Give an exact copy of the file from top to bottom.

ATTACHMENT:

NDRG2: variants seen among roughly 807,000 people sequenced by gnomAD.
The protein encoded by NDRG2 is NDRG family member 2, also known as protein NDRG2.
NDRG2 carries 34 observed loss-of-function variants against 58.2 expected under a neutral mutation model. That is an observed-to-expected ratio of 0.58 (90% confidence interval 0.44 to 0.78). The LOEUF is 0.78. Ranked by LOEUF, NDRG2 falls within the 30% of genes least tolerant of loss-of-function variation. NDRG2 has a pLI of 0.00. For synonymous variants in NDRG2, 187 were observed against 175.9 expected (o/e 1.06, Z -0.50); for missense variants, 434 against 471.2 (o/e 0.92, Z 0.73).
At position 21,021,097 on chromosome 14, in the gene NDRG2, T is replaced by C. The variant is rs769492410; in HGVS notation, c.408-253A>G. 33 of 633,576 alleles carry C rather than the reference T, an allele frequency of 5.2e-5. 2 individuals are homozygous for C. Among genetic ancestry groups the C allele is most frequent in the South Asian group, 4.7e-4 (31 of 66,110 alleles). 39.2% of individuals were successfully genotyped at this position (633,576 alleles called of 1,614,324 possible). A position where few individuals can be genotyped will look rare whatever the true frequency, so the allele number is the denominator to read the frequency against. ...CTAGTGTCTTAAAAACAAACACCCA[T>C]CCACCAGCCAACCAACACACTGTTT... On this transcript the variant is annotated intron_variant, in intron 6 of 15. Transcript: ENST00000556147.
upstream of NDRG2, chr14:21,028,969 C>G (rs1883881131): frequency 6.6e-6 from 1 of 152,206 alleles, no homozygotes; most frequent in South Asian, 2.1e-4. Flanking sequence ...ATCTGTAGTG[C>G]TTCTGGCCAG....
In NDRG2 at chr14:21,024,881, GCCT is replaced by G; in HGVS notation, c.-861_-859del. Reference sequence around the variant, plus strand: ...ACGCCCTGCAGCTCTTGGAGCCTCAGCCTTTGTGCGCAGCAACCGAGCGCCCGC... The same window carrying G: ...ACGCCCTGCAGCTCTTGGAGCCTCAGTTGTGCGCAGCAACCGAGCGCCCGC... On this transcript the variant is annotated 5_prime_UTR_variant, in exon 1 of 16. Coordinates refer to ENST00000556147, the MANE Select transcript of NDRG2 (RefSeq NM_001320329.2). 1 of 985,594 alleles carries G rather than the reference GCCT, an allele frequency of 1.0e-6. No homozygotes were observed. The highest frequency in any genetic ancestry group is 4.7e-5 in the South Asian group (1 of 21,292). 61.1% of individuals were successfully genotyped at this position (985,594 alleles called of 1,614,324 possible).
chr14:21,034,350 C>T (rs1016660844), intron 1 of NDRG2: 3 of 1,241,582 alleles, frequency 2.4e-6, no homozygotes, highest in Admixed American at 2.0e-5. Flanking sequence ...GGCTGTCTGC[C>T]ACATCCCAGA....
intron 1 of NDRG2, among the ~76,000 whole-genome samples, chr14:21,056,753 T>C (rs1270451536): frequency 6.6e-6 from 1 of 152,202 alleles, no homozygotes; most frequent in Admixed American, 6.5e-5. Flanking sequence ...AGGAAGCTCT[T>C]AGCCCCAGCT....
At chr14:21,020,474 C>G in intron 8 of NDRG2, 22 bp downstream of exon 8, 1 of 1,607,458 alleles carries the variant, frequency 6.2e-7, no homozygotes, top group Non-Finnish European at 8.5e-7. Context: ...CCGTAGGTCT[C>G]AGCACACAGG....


NDRG2: variants seen among roughly 807,000 people sequenced by gnomAD.
The protein encoded by NDRG2 is NDRG family member 2, also known as protein NDRG2.
NDRG2 carries 34 observed loss-of-function variants against 58.2 expected under a neutral mutation model. That is an observed-to-expected ratio of 0.58 (90% confidence interval 0.44 to 0.78). The LOEUF is 0.78. Ranked by LOEUF, NDRG2 falls within the 30% of genes least tolerant of loss-of-function variation. NDRG2 has a pLI of 0.00. For synonymous variants in NDRG2, 187 were observed against 175.9 expected (o/e 1.06, Z -0.50); for missense variants, 434 against 471.2 (o/e 0.92, Z 0.73).
At position 21,021,097 on chromosome 14, in the gene NDRG2, T is replaced by C. The variant is rs769492410; in HGVS notation, c.408-253A>G. 33 of 633,576 alleles carry C rather than the reference T, an allele frequency of 5.2e-5. 2 individuals are homozygous for C. Among genetic ancestry groups the C allele is most frequent in the South Asian group, 4.7e-4 (31 of 66,110 alleles). 39.2% of individuals were successfully genotyped at this position (633,576 alleles called of 1,614,324 possible). A position where few individuals can be genotyped will look rare whatever the true frequency, so the allele number is the denominator to read the frequency against. ...CTAGTGTCTTAAAAACAAACACCCA[T>C]CCACCAGCCAACCAACACACTGTTT... On this transcript the variant is annotated intron_variant, in intron 6 of 15. Transcript: ENST00000556147.
upstream of NDRG2, chr14:21,028,969 C>G (rs1883881131): frequency 6.6e-6 from 1 of 152,206 alleles, no homozygotes; most frequent in South Asian, 2.1e-4. Flanking sequence ...ATCTGTAGTG[C>G]TTCTGGCCAG....
In NDRG2 at chr14:21,024,881, GCCT is replaced by G; in HGVS notation, c.-861_-859del. Reference sequence around the variant, plus strand: ...ACGCCCTGCAGCTCTTGGAGCCTCAGCCTTTGTGCGCAGCAACCGAGCGCCCGC... The same window carrying G: ...ACGCCCTGCAGCTCTTGGAGCCTCAGTTGTGCGCAGCAACCGAGCGCCCGC... On this transcript the variant is annotated 5_prime_UTR_variant, in exon 1 of 16. Coordinates refer to ENST00000556147, the MANE Select transcript of NDRG2 (RefSeq NM_001320329.2). 1 of 985,594 alleles carries G rather than the reference GCCT, an allele frequency of 1.0e-6. No homozygotes were observed. The highest frequency in any genetic ancestry group is 4.7e-5 in the South Asian group (1 of 21,292). 61.1% of individuals were successfully genotyped at this position (985,594 alleles called of 1,614,324 possible).
chr14:21,034,350 C>T (rs1016660844), intron 1 of NDRG2: 3 of 1,241,582 alleles, frequency 2.4e-6, no homozygotes, highest in Admixed American at 2.0e-5. Flanking sequence ...GGCTGTCTGC[C>T]ACATCCCAGA....
intron 1 of NDRG2, among the ~76,000 whole-genome samples, chr14:21,056,753 T>C (rs1270451536): frequency 6.6e-6 from 1 of 152,202 alleles, no homozygotes; most frequent in Admixed American, 6.5e-5. Flanking sequence ...AGGAAGCTCT[T>C]AGCCCCAGCT....
At chr14:21,020,474 C>G in intron 8 of NDRG2, 22 bp downstream of exon 8, 1 of 1,607,458 alleles carries the variant, frequency 6.2e-7, no homozygotes, top group Non-Finnish European at 8.5e-7. Context: ...CCGTAGGTCT[C>G]AGCACACAGG....